I called out of work for the next several days. I still had to have this surgery and since it was Thursday before a holiday weekend, I had to wait until Tuesday. I had already told my colleagues. I didn’t tell anyone except my two office-mates for the first month but then after the second ultrasound, I made the decision to tell the others. Even though I knew I could still miscarry. And I don’t regret that decision. Because I probably would have told them anyways since I’ve taken quite a bit of time off. For me, it feels better to be open about why I’m sad and why I’m not at work.

The days between the news and the surgery were weird. I was technically still pregnant. I still felt nauseous and still burped a ridiculous amount but I noticed my boobs weren’t as tender. I was scared for the surgery. I kept hoping maybe I would start bleeding but I also knew that that might actually be worse.

I felt like I was walking with a ghost. There was this little shell of a person in me. I’m pro-choice and I do not believe life begins at conception. And yet when you get pregnant, your life changes. As soon as you get that positive pregnancy test, someone else, some future someone else, comes into your life and they never go away. I’d felt this budding life in me, not yet a life itself, but a growing and blossoming one. There was this little creature in me who was going to be our baby. And then suddenly there was still this tiny being in me, it’s just that it would never actually be.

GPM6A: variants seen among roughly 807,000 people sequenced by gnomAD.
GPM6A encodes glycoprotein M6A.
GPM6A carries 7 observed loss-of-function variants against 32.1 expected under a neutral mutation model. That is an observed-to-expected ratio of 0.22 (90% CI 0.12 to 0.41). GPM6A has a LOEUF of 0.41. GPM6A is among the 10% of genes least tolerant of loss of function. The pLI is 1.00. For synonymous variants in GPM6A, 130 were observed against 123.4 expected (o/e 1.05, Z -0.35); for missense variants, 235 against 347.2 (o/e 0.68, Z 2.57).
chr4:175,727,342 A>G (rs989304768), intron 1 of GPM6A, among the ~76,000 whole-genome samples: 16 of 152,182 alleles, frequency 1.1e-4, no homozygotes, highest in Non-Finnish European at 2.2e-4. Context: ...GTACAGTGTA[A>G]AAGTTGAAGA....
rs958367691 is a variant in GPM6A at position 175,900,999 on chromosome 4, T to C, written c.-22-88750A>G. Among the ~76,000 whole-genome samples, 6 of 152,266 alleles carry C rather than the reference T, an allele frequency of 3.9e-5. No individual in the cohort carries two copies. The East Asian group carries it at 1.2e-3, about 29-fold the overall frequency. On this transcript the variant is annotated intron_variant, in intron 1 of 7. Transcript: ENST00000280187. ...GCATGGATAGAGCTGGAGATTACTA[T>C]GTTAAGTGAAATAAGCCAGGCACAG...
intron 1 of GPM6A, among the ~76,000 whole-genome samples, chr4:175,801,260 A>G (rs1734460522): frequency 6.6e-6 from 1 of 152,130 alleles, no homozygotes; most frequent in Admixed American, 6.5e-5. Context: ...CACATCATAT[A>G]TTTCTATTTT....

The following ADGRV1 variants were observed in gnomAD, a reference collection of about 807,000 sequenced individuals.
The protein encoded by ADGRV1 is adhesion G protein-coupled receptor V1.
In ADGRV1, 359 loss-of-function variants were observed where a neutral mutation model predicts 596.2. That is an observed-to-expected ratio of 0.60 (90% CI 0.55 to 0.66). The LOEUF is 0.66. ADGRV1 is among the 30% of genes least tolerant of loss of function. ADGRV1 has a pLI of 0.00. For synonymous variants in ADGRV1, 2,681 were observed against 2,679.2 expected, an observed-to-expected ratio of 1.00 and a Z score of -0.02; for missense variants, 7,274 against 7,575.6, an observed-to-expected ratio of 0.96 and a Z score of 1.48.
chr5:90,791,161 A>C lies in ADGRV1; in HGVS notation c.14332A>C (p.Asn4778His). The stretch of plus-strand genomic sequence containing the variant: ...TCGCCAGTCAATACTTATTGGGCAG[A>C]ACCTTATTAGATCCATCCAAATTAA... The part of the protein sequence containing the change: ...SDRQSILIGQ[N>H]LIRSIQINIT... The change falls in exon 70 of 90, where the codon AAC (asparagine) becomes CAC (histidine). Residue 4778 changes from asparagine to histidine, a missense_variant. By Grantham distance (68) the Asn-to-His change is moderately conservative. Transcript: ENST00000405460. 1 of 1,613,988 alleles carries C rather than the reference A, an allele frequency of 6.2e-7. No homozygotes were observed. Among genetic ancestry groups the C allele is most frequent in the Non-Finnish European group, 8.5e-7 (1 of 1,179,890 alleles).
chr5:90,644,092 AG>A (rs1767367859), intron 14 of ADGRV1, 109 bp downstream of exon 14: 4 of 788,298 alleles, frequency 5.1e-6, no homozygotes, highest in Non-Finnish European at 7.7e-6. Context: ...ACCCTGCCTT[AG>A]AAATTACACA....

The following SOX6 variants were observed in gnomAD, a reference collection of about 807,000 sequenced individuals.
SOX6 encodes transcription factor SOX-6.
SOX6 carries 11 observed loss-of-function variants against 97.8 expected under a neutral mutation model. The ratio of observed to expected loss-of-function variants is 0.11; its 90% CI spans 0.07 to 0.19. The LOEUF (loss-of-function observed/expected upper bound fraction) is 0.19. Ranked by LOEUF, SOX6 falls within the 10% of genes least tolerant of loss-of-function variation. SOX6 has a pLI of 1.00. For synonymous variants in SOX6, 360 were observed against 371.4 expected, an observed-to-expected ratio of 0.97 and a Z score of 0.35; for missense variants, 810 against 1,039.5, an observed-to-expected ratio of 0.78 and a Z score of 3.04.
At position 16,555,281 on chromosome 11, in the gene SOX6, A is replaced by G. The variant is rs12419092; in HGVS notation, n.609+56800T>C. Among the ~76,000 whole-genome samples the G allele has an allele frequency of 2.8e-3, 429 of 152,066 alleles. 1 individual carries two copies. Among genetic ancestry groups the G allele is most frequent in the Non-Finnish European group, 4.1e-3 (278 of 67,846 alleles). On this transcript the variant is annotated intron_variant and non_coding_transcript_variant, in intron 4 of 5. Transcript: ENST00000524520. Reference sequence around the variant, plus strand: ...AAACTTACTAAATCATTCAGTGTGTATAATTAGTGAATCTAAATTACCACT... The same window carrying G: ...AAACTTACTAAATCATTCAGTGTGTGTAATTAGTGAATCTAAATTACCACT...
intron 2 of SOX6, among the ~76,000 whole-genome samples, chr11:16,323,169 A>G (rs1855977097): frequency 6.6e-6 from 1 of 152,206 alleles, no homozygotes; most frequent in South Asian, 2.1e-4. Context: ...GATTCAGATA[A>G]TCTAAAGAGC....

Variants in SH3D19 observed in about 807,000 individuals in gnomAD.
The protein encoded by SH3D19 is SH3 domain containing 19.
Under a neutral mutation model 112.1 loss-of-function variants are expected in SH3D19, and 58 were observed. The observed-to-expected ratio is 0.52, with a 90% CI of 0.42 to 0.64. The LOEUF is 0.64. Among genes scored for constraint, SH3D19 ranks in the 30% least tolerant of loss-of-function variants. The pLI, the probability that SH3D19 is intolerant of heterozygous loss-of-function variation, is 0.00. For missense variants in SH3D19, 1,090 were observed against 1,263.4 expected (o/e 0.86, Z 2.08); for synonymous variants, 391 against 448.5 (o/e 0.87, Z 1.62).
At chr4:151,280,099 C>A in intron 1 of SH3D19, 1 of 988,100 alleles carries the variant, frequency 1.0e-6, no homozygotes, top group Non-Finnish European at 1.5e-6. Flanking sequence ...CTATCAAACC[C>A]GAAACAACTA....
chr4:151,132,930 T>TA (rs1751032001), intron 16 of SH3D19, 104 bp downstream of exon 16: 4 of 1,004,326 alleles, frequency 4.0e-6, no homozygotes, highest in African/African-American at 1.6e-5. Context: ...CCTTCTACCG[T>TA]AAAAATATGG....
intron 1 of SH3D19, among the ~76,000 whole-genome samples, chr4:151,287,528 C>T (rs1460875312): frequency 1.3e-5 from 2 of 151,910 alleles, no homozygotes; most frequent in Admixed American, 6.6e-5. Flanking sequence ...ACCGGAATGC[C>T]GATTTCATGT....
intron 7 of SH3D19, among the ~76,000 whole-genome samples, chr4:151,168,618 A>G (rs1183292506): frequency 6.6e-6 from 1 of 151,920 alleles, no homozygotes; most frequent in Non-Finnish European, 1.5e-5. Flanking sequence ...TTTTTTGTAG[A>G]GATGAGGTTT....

I cried a lot. I took down the picture of the ultrasound. I kissed the picture and I put it in a box where I keep other items that are special to me. (Of course I still look at the ultrasound and I tell the now-gone baby, “I love you”). I listened to a song by Beyoncé that she wrote after she also experienced a miscarriage – and like me, a missed miscarriage where she didn’t know she’d lost the pregnancy until she went to her doctor and there was no more heartbeat. I didn’t get out of bed often. I stayed in my pajamas. I cuddled with my cats. I thought of other women I knew who had gone through this, some of them multiple times, and I wondered how they were so strong. It felt impossible.

Then I had the surgery done. My husband was with me and held my hand as I waited to be put under and wheeled away. I had been so scared for it but physically it was not bad. Emotionally, that’s another story. I just wanted it over with. And at the same time, once it was over then our future baby was really gone. I felt so empty. Where my uterus had been full and growing life, there was suddenly nothing there and there was no baby to show for it. It was empty and that was so very sad.

Two days after the surgery on May 30, I went back to work for four days. It was not easy. I was sore from the anesthesia. My throat hurt and was scratchy because they’d put a breathing tube down it. And I felt horribly alone.